Scientists fear the new mutant variant of Covid-19 is more infectious in children after data showed it spread more easily among youngsters than others previously detected.

Professor Neil Ferguson, from Imperial College London, told a New and Emerging Respiratory Virus Threats Advisory Group (NervTag) briefing that there is strong evidence that the new variant is between 50 and 70% more transmissible than the previous virus.

He also told journalists that the newly discovered variant had a statistically higher rate of infection among children. Professor Ferguson said: ‘We will need to gather more data to see how it behaves going forward.

‘There are other epidemiologically interesting trends with virus, there is a hint that it has a higher propensity to infect children … but we haven’t established any sort of causality on that, but we can see that in the data.’

He went on: ‘During the lockdown in England, we saw a general shift in the age distribution of the virus towards children, and that was true in the variant and non-variant and that is what we would expect, given that we had locked down which reduced adult contacts but schools were still open.

‘But what we’ve seen over the course of a five or six week period is consistently the proportion of pillar two cases for the variant in under 15s was statistically significantly higher than the non-variant virus. ‘We are still investigating the significance of that.’ Professor Ferguson said the suggestion ‘is a hypothesis at the moment’, but added that ‘if it were true’ it may explain much, or most, of the increase in transmission.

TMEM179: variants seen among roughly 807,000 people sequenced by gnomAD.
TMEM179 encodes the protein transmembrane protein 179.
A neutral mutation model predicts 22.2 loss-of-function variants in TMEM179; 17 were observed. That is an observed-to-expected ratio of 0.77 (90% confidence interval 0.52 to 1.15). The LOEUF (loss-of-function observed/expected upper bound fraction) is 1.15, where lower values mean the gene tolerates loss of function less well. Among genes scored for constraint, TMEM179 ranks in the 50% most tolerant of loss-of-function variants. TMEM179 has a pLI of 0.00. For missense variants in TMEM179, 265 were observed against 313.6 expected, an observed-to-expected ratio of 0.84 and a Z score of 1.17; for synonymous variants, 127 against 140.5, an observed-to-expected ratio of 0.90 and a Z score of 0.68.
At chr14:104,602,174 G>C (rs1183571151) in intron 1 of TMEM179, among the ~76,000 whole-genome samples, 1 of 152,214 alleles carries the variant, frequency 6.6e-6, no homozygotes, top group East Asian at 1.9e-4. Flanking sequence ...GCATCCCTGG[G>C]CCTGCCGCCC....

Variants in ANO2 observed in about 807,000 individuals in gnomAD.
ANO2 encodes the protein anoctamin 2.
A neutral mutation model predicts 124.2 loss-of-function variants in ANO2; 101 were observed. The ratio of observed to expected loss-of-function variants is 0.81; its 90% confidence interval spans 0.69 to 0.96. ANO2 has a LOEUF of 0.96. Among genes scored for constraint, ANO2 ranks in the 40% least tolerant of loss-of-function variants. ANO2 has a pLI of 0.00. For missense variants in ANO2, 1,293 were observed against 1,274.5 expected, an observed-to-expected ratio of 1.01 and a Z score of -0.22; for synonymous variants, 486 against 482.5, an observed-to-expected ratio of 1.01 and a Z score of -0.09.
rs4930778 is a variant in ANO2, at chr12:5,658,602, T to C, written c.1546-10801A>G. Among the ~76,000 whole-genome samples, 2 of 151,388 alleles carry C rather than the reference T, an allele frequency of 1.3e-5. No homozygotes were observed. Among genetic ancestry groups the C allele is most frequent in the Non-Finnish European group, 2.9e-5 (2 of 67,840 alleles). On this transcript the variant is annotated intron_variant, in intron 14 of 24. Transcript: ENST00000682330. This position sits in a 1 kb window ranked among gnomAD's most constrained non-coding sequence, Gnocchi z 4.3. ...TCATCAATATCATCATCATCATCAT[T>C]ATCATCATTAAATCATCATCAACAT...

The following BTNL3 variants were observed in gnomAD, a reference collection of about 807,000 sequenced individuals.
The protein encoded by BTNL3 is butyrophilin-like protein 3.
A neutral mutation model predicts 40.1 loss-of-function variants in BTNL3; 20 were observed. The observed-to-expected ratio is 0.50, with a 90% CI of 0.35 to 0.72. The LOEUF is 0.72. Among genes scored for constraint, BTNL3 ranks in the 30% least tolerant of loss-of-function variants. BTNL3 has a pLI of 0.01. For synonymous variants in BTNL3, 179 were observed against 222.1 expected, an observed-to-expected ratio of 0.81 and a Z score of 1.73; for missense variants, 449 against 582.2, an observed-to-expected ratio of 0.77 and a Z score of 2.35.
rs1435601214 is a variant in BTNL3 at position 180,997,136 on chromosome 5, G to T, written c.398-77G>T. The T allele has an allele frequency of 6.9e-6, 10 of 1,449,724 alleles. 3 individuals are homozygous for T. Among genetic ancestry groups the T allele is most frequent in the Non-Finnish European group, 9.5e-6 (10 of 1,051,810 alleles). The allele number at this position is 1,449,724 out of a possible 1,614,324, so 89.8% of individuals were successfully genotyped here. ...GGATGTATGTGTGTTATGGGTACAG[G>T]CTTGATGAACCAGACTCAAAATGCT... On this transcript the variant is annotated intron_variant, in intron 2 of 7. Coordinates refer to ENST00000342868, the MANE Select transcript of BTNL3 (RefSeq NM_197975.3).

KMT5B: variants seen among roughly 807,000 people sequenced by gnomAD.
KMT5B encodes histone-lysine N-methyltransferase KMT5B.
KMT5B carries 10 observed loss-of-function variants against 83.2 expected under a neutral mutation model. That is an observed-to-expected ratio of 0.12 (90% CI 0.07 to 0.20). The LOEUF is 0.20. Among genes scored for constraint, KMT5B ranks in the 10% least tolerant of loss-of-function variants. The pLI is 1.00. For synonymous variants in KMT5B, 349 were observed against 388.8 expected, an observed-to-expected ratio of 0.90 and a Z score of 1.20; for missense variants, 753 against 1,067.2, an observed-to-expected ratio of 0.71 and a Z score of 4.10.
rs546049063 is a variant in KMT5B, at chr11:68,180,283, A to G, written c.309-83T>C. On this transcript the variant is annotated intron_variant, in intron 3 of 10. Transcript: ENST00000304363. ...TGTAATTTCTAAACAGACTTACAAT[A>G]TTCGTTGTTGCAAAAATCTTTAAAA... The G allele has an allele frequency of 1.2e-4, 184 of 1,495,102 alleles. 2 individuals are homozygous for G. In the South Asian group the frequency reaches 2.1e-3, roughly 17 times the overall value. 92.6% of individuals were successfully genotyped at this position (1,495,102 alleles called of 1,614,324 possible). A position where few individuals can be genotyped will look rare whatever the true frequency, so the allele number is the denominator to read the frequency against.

Another NervTag member, Professor Wendy Barclay, said: ‘We’re not saying that this is a virus which specifically targets children or is any more specific in its ability to infect children, but we know that Covid was not as efficient in affecting children as it was in adults.’

She explained that one possibility may be that the new variant is better able to latch on to human cells and infect them. Therefore, while the previous strains struggled to infect children compared to adults, the highly contagious variant may put them ‘on a more level playing field’ with older people.